R–Value: A unit of thermal resistance used for comparing insulating values of different material. It is basically a measure of the effectiveness of insulation in stopping heat flow. The higher the R–value number, a material, the greater its insulating properties and the slower the heat flow through it. The specific value needed to insulate a home depends on climate, type of heating system and other factors.
RAD: A unit of measure of absorbed radiation. Abbreviation for Radiation Absorbed Dose. One rad equals 100 ergs of radiation energy per gram of absorbing material.
Radiant Barrier: A device designed to reduce or stop the flow of radiant energy.
Radiant Energy: Energy transferred by the exchange of electromagnetic waves from a hot or warm object to one that is cold or cooler. Direct contact with the object is not necessary for the heat transfer to occur.
Radiation: The flow of energy across open space via electromagnetic waves such as light. Passage of heat from one object to another without warming the air space in between.
Rankine Cycle: The steam–Rankine cycle employing steam turbines has been the mainstay of utility thermal electric power generation for many years. The cycle, as developed over the years, uses superheat, reheat and regeneration. Modern steam Rankine systems operate at a cycle top temperature of about 1,073 degrees Celsius with efficiencies of about 40 percent.
Raw Fuel: Coal, natural gas, wood or other fuel that is used in the form in which it is found in nature, without chemical processing.
Reactor: A device in which a controlled nuclear chain reaction can be maintained, producing heat energy.
Reclaimed Oil: Lubricating oil that is processed to be used over again.
Recovered Energy: Reused heat or energy that otherwise would be lost. For example, a combined cycle power plant recaptures some of its own waste heat and reuses it to make extra electric power.
Refined Petroleum Products: Refined petroleum products include but are not limited to gasolines, kerosene, distillates (including No. 2 fuel oil), liquefied petroleum gas, asphalt, lubricating oils, diesel fuels, and residual fuels.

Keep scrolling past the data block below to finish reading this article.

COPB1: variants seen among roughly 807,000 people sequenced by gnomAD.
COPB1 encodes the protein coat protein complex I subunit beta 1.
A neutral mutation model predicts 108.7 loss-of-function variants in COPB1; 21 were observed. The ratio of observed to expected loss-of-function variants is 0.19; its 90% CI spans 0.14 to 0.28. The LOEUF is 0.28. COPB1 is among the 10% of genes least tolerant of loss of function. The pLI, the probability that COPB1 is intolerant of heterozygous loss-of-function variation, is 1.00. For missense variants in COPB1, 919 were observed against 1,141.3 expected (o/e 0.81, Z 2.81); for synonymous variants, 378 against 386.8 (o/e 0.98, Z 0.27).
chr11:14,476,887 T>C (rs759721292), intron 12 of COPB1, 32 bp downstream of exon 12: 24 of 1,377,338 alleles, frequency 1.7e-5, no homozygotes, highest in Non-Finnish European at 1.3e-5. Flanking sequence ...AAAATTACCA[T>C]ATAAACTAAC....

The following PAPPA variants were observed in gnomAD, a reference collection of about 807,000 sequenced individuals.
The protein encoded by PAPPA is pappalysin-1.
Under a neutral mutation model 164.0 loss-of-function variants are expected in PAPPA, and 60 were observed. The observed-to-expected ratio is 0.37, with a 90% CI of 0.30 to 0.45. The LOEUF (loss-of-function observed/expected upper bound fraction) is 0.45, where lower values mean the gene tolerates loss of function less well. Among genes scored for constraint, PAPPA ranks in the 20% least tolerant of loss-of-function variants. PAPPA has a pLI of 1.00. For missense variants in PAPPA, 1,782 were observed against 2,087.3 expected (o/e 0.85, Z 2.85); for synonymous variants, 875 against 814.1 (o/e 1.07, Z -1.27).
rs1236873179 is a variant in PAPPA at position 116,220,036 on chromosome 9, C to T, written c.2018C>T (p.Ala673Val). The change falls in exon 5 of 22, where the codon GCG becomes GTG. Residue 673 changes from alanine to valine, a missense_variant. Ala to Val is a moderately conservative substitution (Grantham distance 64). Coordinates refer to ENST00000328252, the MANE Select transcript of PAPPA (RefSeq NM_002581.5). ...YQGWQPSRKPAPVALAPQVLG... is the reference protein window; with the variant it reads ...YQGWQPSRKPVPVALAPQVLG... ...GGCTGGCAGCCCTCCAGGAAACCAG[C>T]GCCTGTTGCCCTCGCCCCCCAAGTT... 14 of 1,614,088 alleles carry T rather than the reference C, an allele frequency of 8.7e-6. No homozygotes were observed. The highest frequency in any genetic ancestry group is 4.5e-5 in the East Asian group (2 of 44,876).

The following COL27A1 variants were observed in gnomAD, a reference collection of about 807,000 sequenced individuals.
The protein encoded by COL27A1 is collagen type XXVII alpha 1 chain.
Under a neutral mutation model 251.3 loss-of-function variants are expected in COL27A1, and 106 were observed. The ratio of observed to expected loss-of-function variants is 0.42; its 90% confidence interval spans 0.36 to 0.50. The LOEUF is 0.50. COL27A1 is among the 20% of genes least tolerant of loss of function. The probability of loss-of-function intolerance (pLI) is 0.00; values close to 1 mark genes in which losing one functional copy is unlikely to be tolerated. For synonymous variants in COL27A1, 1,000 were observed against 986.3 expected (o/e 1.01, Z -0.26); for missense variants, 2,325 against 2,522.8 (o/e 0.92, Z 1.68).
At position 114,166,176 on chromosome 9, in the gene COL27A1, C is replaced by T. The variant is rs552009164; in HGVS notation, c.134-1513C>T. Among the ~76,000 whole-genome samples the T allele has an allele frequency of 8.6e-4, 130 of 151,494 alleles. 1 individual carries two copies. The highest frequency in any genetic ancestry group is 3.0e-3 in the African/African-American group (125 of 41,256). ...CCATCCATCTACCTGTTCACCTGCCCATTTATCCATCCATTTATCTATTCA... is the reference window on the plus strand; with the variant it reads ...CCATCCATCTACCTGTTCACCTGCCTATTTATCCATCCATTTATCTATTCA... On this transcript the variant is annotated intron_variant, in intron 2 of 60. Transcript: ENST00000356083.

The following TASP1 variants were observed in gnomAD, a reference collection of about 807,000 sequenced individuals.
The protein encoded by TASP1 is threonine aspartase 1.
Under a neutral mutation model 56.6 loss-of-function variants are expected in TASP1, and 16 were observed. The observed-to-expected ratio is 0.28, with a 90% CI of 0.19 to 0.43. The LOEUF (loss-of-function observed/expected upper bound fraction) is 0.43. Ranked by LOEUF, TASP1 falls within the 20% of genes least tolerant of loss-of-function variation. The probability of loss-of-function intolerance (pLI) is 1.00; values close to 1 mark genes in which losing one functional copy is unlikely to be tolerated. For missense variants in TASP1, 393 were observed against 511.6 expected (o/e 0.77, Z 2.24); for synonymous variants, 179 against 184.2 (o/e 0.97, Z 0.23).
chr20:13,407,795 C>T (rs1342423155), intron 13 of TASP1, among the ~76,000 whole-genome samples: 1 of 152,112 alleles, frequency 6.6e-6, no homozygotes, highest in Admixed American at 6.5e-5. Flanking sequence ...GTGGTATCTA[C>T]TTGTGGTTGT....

Refiner: Any person who owns, operates, or controls the operations of one or more refineries.
Refinery: A facility that separates crude oil into varied oil products. The refinery uses progressive temperature changes to separate by vaporizing the chemical components of crude oil that have different boiling points. These are distilled into usable products such as gasoline, fuel oil, lubricants, and kerosene.
Refinery Margin: The difference between the spot price of refined petroleum products and the price of crude oil.
Reforestation: Replanting of forests on lands that have recently been harvested.
Reformulated Gasoline: Finished gasoline formulated for use in motor vehicles, the composition and properties of which meet the requirements of the reformulated gasoline regulations promulgated by the U.S. Environmental Protection Agency under Section 211(k) of the Clean Air Act. In other words, a cleaner–burning gasoline that has had its compositions and/or characteristics altered to reduce vehicular emissions of pollutants. Reformulated gasoline includes gasoline produced to meet or exceed emissions performance and benzene content standards of federal–program reformulated gasoline even though the gasoline may not meet all of the composition requirements (e.g. oxygen content) of federal–program reformulated gasoline. Note: This category includes Oxygenated Fuels Program Reformulated Gasoline (OPRG). Reformulated gasoline excludes Reformulated Blendstock for Oxygenate Blending (RBOB) and Gasoline Treated as Blendstock (GTAB).
Refrigerant: A fluid such as freon that is used in cooling devices to absorb heat from surrounding air or liquids as it evaporates.
Refuse Derived Fuel (RDF): The fuel component of municipal solid waste (MSW), which is the by–product of shredding MSW to a uniform size, screening out oversized materials and isolating ferrous material in magnetic separation. The resulting RDF can be burned as a fuel source.
Regional Transmission Group (RTG): A voluntary organization of transmission owners, users and other entities interested in coordinating transmission planning, expansion, operation,and use on a regional and inter–regional basis. Such groups are subject to Federal Energy Regulatory Commission approval.
Regular Unleaded Gasoline: Gasoline having an antiknock index, i.e., octane rating, greater than or equal to 85 and less than 88 and containing no more than 0.05 gram of lead per gallon and no more than 0.005 gram of phosphorus per gallon. Notes: Octane requirements may vary by altitude. Premium regular and midgrades are included, depending on the octane rating.
Reliability: Electric system reliability has two components––adequacy and security. Adequacy is the ability of the electric system to supply the aggregate electrical demand and energy requirements of the customers at all times, taking into account scheduled and unscheduled outages of system facilities. Security is the ability of the electric system to withstand sudden disturbances such as electric short circuits or unanticipated loss of system facilities.